Before Emoji: “A Game Without Words”
Six sets of playing cards lay scattered haphazardly across the dining room table, while my dad Chris Garrett, creator of the word game Qatqi, stood over them trying to make some sense out of it. He enlisted my sister and me to help him sort all of the decks, much to our annoyance.
“What’s the point of all of this anyway?” we asked him.
“I’m going to make a word game without words.” He replied confidently. And so the journey to Moji Match began.
This wasn’t a new idea for him. My dad has always loved word games, but after creating the word game QatQi, he realized there were some serious restrictions to the category. “It limits who can play your game. Word games are language dependent, and you have to have a really strong vocabulary to play well.” Thus began his struggle to create a game with all the fun and challenge of a word game, but with none of the limitations.
Cards didn’t quite work out. There were too many limits: only four suits, only 10 numbers, only 52 cards to a set. It was all too boring, too unoriginal. The one thing that did work was the idea of having some sort of card, or tile, with two components that defined its value. In cards, those characteristics are its number and its suit. In Moji Match, those characteristics are its number and its emoji.
💩 to the Rescue
He began to use emojis as a simple filler until he could find or create a better symbol to put on tiles. But my dad quickly realized that the emojis really made the game come to life. “ They’re just a lot of fun to play with.” he says. And it’s true. It’s hard not to laugh when you put down the sequence “💩-🍕-4-💩-🍕-4”.
With his new emoji stickers freshly printed, he set to work creating a board and tile set for us to test the game on. My sister Madeline is the artistic one in the family, so she sketched out a Scrabble-like board and our dad drove to Michaels to buy small wooden tiles to place the emoji stickers on. I was tasked with placing each small sticker onto every individual wooden tile. Very fun.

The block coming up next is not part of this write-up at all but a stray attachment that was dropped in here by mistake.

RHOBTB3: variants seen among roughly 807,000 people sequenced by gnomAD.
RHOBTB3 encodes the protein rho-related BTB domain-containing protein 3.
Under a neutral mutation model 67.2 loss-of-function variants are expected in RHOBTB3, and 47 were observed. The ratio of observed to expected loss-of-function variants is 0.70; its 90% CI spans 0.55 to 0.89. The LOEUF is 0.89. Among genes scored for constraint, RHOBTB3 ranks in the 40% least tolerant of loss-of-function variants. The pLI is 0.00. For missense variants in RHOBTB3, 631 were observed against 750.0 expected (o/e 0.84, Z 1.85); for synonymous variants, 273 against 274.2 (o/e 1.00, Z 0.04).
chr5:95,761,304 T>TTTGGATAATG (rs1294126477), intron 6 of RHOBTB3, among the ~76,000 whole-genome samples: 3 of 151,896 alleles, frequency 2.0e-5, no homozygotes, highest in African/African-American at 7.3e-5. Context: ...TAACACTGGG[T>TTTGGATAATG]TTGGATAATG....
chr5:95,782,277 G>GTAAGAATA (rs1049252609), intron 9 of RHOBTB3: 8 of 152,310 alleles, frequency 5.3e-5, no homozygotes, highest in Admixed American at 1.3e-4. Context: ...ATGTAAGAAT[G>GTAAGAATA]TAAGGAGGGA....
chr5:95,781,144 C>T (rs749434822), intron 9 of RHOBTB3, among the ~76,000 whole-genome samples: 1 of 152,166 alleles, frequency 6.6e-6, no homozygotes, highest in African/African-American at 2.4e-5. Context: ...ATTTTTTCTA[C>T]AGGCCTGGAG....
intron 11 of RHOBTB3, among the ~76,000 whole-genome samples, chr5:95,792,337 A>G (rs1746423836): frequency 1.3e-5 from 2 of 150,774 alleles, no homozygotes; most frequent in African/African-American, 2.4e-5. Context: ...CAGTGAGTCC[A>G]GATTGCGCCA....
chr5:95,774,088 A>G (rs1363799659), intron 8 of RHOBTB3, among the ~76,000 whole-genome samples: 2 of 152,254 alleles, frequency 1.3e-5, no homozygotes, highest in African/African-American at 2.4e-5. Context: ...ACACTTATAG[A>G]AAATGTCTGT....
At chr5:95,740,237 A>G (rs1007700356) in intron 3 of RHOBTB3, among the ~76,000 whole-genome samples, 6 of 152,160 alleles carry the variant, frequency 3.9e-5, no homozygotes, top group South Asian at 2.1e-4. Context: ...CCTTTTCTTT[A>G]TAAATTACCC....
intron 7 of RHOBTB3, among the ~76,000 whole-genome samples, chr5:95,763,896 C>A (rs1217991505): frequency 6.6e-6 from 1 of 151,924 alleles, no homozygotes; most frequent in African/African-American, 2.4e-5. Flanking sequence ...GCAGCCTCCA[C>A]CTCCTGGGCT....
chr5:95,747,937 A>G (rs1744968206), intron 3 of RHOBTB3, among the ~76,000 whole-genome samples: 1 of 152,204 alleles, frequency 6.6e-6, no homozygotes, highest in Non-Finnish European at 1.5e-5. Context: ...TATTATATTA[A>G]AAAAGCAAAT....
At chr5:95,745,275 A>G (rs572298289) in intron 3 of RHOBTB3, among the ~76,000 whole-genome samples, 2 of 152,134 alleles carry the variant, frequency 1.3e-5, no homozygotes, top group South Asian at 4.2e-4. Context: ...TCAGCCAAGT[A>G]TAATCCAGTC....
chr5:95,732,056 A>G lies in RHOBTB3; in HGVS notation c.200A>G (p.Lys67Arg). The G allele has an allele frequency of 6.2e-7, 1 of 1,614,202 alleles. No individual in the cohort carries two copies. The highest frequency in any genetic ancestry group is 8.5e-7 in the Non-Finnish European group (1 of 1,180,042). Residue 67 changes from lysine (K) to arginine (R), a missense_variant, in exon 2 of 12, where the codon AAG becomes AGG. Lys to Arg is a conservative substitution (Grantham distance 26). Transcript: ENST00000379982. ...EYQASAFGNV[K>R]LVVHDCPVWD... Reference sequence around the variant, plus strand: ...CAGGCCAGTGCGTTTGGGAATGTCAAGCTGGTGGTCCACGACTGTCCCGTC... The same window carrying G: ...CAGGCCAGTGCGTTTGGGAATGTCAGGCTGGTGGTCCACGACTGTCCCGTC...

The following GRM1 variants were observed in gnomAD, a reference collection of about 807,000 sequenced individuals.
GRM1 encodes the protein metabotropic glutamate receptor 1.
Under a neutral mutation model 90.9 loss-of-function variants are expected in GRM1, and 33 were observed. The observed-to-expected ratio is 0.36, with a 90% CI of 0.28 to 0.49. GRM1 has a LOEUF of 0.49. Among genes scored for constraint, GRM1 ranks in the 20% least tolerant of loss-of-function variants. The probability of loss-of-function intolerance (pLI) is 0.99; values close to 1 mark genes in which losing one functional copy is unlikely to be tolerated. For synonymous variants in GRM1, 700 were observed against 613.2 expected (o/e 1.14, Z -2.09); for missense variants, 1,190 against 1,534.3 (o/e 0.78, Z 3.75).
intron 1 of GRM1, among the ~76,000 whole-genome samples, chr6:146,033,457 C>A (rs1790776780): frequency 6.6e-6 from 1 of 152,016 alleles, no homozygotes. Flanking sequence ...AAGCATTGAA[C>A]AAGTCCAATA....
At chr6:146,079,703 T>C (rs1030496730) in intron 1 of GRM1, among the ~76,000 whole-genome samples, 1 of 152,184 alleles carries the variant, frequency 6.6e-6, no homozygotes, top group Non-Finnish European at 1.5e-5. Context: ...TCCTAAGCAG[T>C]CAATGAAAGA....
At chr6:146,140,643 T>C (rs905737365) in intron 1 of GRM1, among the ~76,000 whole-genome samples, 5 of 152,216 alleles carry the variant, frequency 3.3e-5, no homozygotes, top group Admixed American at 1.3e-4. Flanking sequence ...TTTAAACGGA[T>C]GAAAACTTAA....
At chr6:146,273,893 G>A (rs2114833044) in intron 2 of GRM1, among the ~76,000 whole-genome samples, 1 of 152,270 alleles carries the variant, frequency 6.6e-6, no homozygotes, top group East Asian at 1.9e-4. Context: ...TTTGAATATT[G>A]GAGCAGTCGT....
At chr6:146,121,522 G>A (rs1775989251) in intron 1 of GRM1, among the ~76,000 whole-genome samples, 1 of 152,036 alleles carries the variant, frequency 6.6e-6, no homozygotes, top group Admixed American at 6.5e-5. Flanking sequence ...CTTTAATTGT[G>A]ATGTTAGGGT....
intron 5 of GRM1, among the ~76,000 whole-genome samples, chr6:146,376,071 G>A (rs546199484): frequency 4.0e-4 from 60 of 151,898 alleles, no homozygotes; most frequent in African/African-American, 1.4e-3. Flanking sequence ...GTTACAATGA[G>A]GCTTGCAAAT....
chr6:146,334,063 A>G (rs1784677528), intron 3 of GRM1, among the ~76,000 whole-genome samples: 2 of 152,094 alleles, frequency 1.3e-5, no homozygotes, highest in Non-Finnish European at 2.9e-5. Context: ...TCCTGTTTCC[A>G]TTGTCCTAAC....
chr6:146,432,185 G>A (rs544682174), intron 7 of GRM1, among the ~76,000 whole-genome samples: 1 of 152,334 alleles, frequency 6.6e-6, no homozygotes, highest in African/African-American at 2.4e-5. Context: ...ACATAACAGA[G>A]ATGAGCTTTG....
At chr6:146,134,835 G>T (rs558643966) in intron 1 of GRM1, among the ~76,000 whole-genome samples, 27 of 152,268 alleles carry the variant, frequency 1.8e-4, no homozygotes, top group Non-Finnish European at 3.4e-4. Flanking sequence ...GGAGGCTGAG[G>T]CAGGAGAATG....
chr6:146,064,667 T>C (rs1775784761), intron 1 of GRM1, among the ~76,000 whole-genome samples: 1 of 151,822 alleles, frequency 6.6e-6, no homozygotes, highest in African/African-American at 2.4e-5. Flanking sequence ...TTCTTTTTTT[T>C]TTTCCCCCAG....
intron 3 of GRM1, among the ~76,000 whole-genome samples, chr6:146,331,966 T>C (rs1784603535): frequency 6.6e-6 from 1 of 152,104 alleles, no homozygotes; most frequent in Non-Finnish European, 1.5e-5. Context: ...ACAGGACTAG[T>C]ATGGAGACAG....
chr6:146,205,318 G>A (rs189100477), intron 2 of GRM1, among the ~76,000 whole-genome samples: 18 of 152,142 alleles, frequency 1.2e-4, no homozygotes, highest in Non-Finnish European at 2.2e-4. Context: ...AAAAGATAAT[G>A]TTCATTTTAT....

The next few weeks were spent redesigning the tile sets, board, and rules in what seemed to be infinite combinations. My dad would run to the store weekly to buy more tiles (onto which I would then stick all of the emojis) and print up new combinations of emoji stickers. Once, Michaels ran out of the square tiles, so he had to buy round ones that were just a bit too big for the drawn out board. Another time, he and I played a game in which palindromes were allowed. It was fun at first, but when the words began stretching from the bottom to the top of the board, the rules had to be adjusted once again.
Once most of the game’s kinks had been worked out, my dad printed the board on sturdier paper and began testing the game out on friends and family. Turns out, people loved it. The game was now fun, and it could grow up and become an app. A Hudson Valley team was assembled: Digital Empire and Shauna Keating on art and graphics, Tyler Walker on audio, and Sarah Jacob CFO.
When I asked my dad what the hardest parts about creating the app were, he replied that the hardest parts were actually already taken care of.
“The biggest challenge is usually making a game that is actually fun. I already knew I had that.”
His main struggle actually came from having too many new ideas. “I struggled with having the discipline to not build in every feature that I thought of. Instead, I had to focus on making the game simple and fun.” His CFO, Sarah Jacob, played a big role in making this happen.
“Sarah gave me a goal: to bring in revenue by March. That deadline kept me focused.”
My dad began writing code in September, and the first playable version was out around Christmas. My family spent the holiday testing out the app and enjoying the game, despite the many initial bugs. Now, three months later, those bugs are long gone and Moji Match has just been released in Canada. A warning to all of the beta testers out there: if my dad invites you to play, say no. Our latest game ended with me losing 615-312, so you’ll save yourself a lot of pain and suffering by declining his offer.
Note from Chris: Ariane will be contributing more posts about Moji Match as we develop it. We’ll miss her when she heads off to college next year!
Want to try out Moji Match?
If you’re in Canada, lucky you! Canadians can get it on the App Store early!
Everyone else, you can sign up for the beta.